Partnership. And I, learned, so much from him. And so I've had a series, of amazing. Mentors, over, the years two, people who were mentors. That went on to do something different one Barry Diller and he started this company called IAC about, 25 years ago. And. The, other was john malone and liberty media and, and. I, saw in what. They did something that excited me because i am a builder. And I'm an operator, I'm not an investor. And. I believe, that the most valuable, thing is human capital. You. You, know to do to build businesses, to do things, obviously. You. Need the cash. To be able to do it but the most valuable, thing is human capital and so in starting wonder Co I wanted. To put together a. Partnership. Of. People. That if today. You were going to have. A business, either one that you were starting or one that you already had started, and you. Wanted. Exceptional. Resources. To help you take that to some you, know great new plateau that within wonder, code we actually had everything you would want in a C suite, you. Have a great, strategist. You have a great. Marketing, executive, you have a general counsel a CFO, a CEO. Oh a CEO, like everything. That you would want, in. A. Place, like that we. Got some of and so. To have that as sort of the resource because when I look at Barry Diller and John Malone that's. What they've done they have found companies. Around ideas and, around, entrepreneurs. And then. They have, put. A ton of, you. Know of people, capital, into those enterprises, and you know Diller started IAC 25, years ago his idea. Was the intersection, of the, Internet and to be able to create. Commercial. Consumer. Transactions. On it so everything from Expedia, to I'm sure no one in this room has ever actually done anything that has anything to do with match.com. So. You, know he's. Just any Barry's, probably built literally 70, 80 90 billion, dollars worth of market, cap I mean it's like a quiet story, not maybe, that will, told. But he's literally one of the greatest entrepreneurs of, our time and I think right now today, is exactly. Another one of those moments, and today that intersection, is. Technology. And the. Intersection, of, video. And the, application. Of video against, or, integrated. With technology. And how transformative. And imperative. That is going to be for. What I think is the next evolutionary. If not revolutionary. Part. Of of. Our world today and I'll, try, and maybe translate. That which, is if. You go back maybe I don't. Know 1214. Years ago. Everybody. Was. On a thing called an X tell most. People this remember too this is you could send a text to somebody on this little sort, of page or device somebody up here left it's probably over 40 and. And. Then we went from that to a to, a flip, phone and you. Had to actually hit three times to get an R I know this I'm speaking, you know Swahili. To you but trust, me and then. I'm now getting into territory, here we went to a blackberry, and then, from a blackberry to a smartphone and so in the course of about 12. 14 years. Everything. Or text the, application. Of text the, platform's around text so if you think about communication. Collaboration. Sharing. Search. Ecommerce. And even entertainment, in a, very, short handful, of years.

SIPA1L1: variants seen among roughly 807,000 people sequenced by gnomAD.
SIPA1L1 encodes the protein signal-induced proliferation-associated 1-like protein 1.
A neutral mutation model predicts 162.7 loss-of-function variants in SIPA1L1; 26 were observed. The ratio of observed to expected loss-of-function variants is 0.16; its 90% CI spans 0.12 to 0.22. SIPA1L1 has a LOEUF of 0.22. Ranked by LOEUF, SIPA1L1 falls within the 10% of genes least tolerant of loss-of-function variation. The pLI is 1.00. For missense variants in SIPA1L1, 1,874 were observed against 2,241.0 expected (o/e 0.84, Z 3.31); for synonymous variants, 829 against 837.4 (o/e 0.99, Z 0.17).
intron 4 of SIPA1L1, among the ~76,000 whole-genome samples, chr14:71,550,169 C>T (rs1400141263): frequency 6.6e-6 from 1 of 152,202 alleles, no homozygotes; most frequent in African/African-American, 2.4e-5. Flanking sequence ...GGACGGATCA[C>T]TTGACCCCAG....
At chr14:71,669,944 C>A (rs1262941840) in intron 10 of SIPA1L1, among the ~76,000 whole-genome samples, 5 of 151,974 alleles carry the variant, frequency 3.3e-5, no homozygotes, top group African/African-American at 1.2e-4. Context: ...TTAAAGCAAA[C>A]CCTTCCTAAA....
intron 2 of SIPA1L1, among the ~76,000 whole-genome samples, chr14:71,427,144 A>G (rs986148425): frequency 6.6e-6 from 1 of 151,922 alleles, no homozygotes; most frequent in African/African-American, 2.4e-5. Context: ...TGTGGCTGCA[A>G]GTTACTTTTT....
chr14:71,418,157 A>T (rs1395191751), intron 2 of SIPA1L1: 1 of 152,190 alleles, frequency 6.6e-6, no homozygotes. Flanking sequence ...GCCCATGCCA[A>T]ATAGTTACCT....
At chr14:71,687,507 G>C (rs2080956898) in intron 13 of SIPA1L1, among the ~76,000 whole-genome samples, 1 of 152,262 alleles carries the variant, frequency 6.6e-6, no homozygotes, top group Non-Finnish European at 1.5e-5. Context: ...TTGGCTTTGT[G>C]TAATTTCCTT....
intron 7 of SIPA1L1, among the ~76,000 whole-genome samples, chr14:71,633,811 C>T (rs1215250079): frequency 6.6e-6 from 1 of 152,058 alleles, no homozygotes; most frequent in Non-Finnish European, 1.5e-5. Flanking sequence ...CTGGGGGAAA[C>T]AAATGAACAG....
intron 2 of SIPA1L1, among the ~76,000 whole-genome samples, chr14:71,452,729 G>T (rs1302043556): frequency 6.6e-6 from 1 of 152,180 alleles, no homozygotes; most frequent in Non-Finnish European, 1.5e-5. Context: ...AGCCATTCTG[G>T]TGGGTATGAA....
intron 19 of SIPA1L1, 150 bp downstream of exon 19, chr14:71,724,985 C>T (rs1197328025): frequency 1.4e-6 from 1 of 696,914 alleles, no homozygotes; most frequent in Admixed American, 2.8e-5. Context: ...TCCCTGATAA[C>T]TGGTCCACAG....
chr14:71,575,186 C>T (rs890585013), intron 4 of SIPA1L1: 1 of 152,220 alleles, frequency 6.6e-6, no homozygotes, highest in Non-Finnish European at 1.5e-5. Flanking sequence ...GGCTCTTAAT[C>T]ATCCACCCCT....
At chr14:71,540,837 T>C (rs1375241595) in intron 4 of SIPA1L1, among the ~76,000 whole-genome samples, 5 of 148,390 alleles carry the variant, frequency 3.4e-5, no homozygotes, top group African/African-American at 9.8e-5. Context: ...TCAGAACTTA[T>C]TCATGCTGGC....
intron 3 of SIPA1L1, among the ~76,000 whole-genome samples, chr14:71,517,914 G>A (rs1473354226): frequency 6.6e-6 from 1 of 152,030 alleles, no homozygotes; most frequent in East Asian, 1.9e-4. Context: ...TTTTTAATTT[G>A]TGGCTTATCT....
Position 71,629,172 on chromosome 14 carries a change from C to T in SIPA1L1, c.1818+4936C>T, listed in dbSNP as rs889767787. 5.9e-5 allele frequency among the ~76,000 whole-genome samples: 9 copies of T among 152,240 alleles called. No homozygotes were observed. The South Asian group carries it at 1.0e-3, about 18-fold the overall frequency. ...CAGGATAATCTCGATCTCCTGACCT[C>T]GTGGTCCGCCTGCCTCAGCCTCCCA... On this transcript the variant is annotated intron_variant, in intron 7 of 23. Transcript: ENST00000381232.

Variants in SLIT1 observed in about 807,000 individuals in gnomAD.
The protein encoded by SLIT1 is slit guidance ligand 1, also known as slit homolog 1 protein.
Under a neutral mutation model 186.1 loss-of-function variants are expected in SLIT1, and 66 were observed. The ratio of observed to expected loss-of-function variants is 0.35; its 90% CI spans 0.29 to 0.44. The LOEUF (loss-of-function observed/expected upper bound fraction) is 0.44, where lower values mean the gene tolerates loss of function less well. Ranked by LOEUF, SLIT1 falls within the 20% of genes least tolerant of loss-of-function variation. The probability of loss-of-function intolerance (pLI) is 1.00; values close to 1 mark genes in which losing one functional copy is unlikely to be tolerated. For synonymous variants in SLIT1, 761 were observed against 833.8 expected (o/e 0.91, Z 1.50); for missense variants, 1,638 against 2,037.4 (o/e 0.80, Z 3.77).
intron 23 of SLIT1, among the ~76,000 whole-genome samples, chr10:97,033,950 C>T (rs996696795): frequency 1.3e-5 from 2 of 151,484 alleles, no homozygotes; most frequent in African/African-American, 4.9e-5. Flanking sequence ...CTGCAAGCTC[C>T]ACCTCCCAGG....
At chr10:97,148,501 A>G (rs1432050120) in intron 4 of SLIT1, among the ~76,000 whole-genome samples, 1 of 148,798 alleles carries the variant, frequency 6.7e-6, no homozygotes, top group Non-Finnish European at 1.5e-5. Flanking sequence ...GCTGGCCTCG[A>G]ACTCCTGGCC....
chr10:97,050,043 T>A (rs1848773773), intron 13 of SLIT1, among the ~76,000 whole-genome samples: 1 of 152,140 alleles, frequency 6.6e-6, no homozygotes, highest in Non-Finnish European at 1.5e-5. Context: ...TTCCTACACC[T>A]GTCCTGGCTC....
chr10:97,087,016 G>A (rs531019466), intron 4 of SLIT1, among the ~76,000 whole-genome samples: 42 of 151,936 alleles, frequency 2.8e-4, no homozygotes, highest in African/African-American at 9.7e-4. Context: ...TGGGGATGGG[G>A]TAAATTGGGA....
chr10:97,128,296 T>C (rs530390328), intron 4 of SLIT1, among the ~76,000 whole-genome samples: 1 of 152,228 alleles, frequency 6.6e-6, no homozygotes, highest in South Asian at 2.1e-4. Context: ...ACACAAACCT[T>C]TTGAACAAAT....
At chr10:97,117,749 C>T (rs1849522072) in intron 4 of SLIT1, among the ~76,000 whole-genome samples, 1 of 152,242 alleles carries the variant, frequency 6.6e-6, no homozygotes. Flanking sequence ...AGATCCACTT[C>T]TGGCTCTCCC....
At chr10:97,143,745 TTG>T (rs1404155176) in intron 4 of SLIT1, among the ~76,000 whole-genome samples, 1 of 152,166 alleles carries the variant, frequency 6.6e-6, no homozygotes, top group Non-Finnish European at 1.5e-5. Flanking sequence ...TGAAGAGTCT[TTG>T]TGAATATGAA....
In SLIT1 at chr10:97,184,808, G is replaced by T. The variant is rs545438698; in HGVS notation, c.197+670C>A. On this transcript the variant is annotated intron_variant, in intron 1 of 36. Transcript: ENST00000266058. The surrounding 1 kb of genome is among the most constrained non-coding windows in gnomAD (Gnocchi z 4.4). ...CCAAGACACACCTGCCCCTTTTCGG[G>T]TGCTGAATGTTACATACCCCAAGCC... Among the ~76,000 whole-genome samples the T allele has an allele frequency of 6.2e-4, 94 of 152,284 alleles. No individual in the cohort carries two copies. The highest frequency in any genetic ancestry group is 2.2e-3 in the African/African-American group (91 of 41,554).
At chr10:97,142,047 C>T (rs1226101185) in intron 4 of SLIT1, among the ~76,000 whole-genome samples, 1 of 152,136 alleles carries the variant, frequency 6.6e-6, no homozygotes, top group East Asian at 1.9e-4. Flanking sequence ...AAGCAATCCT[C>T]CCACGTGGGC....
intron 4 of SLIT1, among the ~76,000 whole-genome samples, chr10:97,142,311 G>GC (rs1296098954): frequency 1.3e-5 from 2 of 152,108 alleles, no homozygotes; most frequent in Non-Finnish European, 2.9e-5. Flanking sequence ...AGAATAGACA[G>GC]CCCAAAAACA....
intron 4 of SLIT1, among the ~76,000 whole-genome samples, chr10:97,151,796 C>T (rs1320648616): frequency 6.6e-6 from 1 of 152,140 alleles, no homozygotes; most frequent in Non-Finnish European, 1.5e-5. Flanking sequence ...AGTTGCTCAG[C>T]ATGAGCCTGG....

Text, Became ubiquitous. The, enterprises. Built, around text, became, worth hundreds. Of billions if not trillions of, dollars, and. All of us became, expert. At, it, so, like literally, the. Ability, of all of us in any of us and everyone of us to use. Text, against, those seven verticals, today is, honestly. As easy as putting one foot in front of another so, then, about five six years after that happened. The next thing that happened, in that sort of evolution, was, photography, and so. Today. Every. Single one, of us is like a junior, Andy, Leibovitz, like we can all take, great photos no, matter how inept. We are we, can't help but take great photos and, so. Now. Think about in these last four or five years the impact that, photography. Has had so we've moved and it's, not it's not displaced, text it's added on text why because. A picture is that that is better than a thousand, words you've. Heard that said before in it so now you. Think about communication, collaboration you, get it the. Application of, photography. Has, been transformed, and once again many hundreds, of billions of dollars of market. Values but whether it's you know Instagram, or Pinterest and we can go on and on okay so, we're now in the third cycle the. Sort of next third evolution is the application, of video, against. Each of those very. Specific verticals. And you're seeing what. Happens, when people come along and come. Up with the application. Of putting. These things to these two things together so two perfect, examples of it are snapchat, right, and. In the world of communication, and sharing if. You think about an entertainment. Best example, of its Netflix you. Know Netflix is people forget it was it they were you, again, I don't have anybody remembers you used to have a red, envelope with a DVD in it that's only seven years ago you. Know now it's it's it's streaming, and a hundred, billion dollar, market. Cap over, the intersection, of. Video. And. Technology, so for us today we, have, a team that we have built that we think bridges that world and. There's. A 12. Of us nine. Of which came our graduates, at Stanford, so thank you all very much. One, of us is not a graduate. Of Stanford he couldn't get in here so you went to Harvard Business School, instead, but. He teaches here which is sue JJ's what should stand up and wave hello there cuz hopefully some of you are being taught by him today come. On CJ show that t-shirt off. Stand. Up stand. Up. There. We go. And. So. We, we have a partnership, that I think is a great, marriage.